The Assembly of First Nations' executive agreed to the request in writing and sent a letter to Stephen Harper on the weekend, calling for a meeting as soon as Thursday — a day by which Shawn Atleo could well be back on the job.
Atleo took a sudden sick leave after his controversial meeting with Harper 10 days ago amidst a leadership crisis within the AFN. He issued a statement Monday saying he would be back in the saddle "later this week."
Unlike the divisive Jan. 11 meeting, this week's proposed meeting with Harper would include a broad range of chiefs as well as Gov.-Gen. David Johnston, as requested by Spence.
"The intent behind it is to try to end Chief Spence's hunger strike," said Morley Googoo, regional chief for Newfoundland and Nova Scotia.
And unlike the previous meeting, Spence's spokesman says the Cree leader is onside.
"We all need to work together," said Danny Metatawabin, adding that Spence was feeling "well, chirpy, happy" on Monday morning despite having spent the last six weeks subsisting only on fish broth and medicinal tea.
There's nothing to suggest Harper is inclined to agree to the request, despite the newfound unity among chiefs. Andrew MacDougall, a spokesman for the prime minister, said Harper would respond to the AFN's letter "in due course."
"For us, the next step is (meeting) National Chief Atleo, one-on-one, to hammer out some of the detail on the way forward," MacDougall said.
The Governor General was not included in the previous meeting because it is the government that makes policy decisions in Canada, not the Queen's representative, he added. "And that's how we're still looking at the matter."
Still, MacDougall acknowledged that there is a great deal of pressure to show concrete results that will lead to material improvements for First Nations peoples.
"We have to keep up the momentum and keep showing that there is progress that can be made."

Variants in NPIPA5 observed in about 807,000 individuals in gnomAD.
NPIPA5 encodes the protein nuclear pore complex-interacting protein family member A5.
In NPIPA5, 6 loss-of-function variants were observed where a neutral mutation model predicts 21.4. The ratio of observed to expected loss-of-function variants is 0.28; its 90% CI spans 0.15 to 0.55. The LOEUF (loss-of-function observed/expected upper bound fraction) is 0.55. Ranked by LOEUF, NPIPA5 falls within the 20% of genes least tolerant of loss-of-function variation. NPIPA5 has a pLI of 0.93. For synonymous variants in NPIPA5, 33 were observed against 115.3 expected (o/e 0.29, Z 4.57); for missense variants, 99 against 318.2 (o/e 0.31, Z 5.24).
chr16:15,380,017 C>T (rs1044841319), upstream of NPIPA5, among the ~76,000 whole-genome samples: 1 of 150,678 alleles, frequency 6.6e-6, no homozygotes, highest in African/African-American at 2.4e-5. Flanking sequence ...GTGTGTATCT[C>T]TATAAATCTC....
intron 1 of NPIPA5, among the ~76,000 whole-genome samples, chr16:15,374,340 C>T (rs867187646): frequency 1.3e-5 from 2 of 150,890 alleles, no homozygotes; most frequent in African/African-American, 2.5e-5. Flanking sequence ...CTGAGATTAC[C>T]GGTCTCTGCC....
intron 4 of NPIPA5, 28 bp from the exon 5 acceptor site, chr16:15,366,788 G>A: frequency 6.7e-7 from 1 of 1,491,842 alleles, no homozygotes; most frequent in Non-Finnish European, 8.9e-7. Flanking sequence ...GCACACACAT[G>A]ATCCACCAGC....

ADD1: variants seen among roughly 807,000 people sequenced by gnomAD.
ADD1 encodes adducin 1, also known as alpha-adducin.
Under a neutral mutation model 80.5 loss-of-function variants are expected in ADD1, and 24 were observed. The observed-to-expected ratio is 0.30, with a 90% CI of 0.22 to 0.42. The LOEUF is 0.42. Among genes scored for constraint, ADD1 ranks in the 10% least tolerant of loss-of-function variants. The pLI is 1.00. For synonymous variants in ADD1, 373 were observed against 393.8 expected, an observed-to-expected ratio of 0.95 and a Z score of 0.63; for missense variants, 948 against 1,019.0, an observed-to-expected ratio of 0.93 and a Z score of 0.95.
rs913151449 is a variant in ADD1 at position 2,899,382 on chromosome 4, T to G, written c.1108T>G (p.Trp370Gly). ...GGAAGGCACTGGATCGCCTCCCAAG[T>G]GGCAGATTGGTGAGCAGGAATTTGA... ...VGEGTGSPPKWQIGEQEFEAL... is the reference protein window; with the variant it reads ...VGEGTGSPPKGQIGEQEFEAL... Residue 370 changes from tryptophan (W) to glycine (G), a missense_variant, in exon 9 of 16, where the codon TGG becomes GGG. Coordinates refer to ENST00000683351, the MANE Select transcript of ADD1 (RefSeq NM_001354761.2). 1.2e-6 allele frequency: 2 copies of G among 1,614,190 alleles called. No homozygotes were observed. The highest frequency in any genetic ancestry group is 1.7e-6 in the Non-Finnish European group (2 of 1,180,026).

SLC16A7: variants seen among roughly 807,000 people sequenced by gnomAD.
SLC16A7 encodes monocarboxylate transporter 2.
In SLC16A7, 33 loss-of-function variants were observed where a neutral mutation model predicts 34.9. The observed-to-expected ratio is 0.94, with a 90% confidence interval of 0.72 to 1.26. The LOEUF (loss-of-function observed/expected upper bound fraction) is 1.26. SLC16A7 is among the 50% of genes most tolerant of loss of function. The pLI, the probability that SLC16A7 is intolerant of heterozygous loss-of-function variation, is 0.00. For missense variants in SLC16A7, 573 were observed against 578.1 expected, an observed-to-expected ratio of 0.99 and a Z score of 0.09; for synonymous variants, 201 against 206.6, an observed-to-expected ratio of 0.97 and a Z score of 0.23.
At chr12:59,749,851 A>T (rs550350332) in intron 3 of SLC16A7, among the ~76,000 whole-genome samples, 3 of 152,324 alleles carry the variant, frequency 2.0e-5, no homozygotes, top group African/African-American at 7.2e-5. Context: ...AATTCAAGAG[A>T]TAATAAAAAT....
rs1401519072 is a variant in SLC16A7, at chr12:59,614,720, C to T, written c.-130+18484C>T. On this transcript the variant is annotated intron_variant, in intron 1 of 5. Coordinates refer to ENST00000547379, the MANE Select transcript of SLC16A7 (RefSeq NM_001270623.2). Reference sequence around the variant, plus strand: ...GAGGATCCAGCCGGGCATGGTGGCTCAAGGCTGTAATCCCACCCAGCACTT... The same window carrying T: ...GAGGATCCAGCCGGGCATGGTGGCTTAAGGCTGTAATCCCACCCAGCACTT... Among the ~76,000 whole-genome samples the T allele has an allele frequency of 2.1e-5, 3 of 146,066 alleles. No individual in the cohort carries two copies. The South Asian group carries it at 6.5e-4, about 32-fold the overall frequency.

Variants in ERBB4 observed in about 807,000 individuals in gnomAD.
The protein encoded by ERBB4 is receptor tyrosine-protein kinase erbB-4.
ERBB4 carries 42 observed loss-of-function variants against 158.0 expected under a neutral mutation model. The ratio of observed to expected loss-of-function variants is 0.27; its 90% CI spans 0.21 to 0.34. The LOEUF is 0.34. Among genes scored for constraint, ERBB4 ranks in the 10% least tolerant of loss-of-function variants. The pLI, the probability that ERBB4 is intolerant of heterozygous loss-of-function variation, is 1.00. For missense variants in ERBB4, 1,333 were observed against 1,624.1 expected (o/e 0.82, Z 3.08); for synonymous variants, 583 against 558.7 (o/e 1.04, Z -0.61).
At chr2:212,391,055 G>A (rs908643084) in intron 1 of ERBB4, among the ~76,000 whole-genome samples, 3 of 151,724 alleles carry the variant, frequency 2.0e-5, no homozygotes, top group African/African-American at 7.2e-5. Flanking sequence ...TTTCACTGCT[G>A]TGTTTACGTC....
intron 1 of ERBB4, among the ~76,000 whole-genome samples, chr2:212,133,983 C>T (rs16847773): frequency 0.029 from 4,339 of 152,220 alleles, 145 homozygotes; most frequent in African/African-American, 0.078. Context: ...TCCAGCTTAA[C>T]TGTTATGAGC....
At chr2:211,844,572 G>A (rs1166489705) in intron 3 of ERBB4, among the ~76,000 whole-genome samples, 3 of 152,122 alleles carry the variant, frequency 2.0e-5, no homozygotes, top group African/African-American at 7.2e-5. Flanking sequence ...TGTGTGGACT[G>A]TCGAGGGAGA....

Googoo said the best way for Harper to show goodwill and immediate progress would be to agree to the Jan. 24 meeting, which would be in addition to the meeting with Atleo to work on treaty implementation and comprehensive claims.
Thursday is the AFN's "preferred date" for a broader meeting, he said, because it is the one-year anniversary of a major summit between chiefs, Harper and Johnston that was supposed to reinvigorate the Crown-First Nation relationship. But the AFN realizes there may be a need for some flexibility on the date since it is so soon, Googoo acknowledged.
He said he hopes that a solid commitment to such a meeting would be enough to entice Spence to end her protest.
Harper agreed to a meeting with the AFN, but his exclusion of Johnston and his setting of the meeting agenda prompted Spence and many other chiefs to orchestrate a boycott and question the leadership of Atleo, who went into the meeting despite loud protests in the streets.
In his statement on Monday, Atleo called for unity and rational discussion of internal disagreements. But he also opened the door to structural changes within the national organization, just as conflicts in the past have led to restructuring.
"Many changes were made; many more conversations remain," Atleo writes.
"Let us ensure that those conversations are conducted with respect, respectful of our traditions, respectful of each other and respectful of our different approaches to winning progress for our peoples."
But while angry chiefs have muted their criticism of Atleo for now, they still harbour concerns about his leadership.
"For Ontario, we're just trying to maintain focus on what the objectives are.... There's a concern regarding leadership but there's a process and time for that," said Ontario Regional Chief Stan Beardy, who boycotted the Jan. 11 meeting.
"The sense of urgency there is that Theresa Spence has indicated that she'll continue on with her hunger strike until such time as a meeting takes place."
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